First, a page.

Back to the book, at the bottom of many pages are little boxes with ideas about how you can take the learning further if your child would like. For example, the rock section encourages you to talk about the texture and colors seen rocks. This could easily be turned into a rock hunt where you gather a handful of diverse rocks, talk about them, and proudly display them in your “collection”. It’s a great way of adding vocabulary to the lesson, getting some exercise in, your kid outside and doing some critical thinking along the way.
Yep, that’s basically it. Of course, there is an answer key and some teacher resources but not comparable to what is in their books for older kids. It’s this way because the material is simple, on PreK level.
First, the topics are definitely things my kids want and need to learn about! Parts of an animal, how weather is related to clothes we wear. This keeps engagement high! Like I said before, he begs to do “just one page” each time we work on it. He climbs up on to our counter to pull out the book several times a day to ask to work in it. I know a lot of parents fear doing too much book work in homeschool but this book is just plain fun. No work involved.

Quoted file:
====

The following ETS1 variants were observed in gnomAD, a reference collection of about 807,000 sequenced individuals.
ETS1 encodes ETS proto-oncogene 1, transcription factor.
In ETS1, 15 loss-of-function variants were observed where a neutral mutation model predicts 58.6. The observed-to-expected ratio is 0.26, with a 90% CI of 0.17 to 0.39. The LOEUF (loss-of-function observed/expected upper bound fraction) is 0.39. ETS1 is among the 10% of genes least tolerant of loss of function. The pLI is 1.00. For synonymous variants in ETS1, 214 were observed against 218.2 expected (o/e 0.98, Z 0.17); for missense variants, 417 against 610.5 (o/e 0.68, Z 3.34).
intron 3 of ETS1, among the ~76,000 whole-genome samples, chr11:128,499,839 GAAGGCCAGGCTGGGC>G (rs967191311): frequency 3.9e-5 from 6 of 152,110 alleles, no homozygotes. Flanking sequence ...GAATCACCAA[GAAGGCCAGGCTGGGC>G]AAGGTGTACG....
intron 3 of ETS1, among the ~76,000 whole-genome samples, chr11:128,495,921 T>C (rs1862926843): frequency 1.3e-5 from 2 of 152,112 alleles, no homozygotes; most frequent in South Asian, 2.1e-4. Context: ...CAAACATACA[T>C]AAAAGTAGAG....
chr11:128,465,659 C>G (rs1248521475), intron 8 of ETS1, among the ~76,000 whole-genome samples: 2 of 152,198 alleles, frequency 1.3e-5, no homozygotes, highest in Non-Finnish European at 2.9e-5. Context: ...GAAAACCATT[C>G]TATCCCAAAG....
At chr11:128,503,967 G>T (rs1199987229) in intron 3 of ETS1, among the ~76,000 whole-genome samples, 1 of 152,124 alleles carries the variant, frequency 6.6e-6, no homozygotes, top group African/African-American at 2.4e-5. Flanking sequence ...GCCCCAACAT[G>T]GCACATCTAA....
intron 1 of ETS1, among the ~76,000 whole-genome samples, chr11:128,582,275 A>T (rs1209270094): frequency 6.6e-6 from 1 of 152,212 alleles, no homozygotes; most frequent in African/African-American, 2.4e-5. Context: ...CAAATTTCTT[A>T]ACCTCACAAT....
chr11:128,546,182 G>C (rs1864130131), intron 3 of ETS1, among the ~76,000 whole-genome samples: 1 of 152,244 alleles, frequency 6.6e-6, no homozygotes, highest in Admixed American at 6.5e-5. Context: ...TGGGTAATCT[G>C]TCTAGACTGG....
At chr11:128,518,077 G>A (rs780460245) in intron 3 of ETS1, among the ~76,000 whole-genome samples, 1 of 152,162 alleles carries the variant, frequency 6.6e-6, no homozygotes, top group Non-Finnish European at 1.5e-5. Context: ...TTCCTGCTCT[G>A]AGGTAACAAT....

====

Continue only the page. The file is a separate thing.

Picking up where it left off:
Second, Cayden has already learned several new words from this workbook and can communicate thoughts related to these topics clearer so I know he thinks about these things on his own after we are done. His language and thinking have also improved in terms of deductive reasoning. It’s easier to make him wear his rainboots when its raining because he understands that if its raining, he will get wet, so we wear rainboots to keep dry.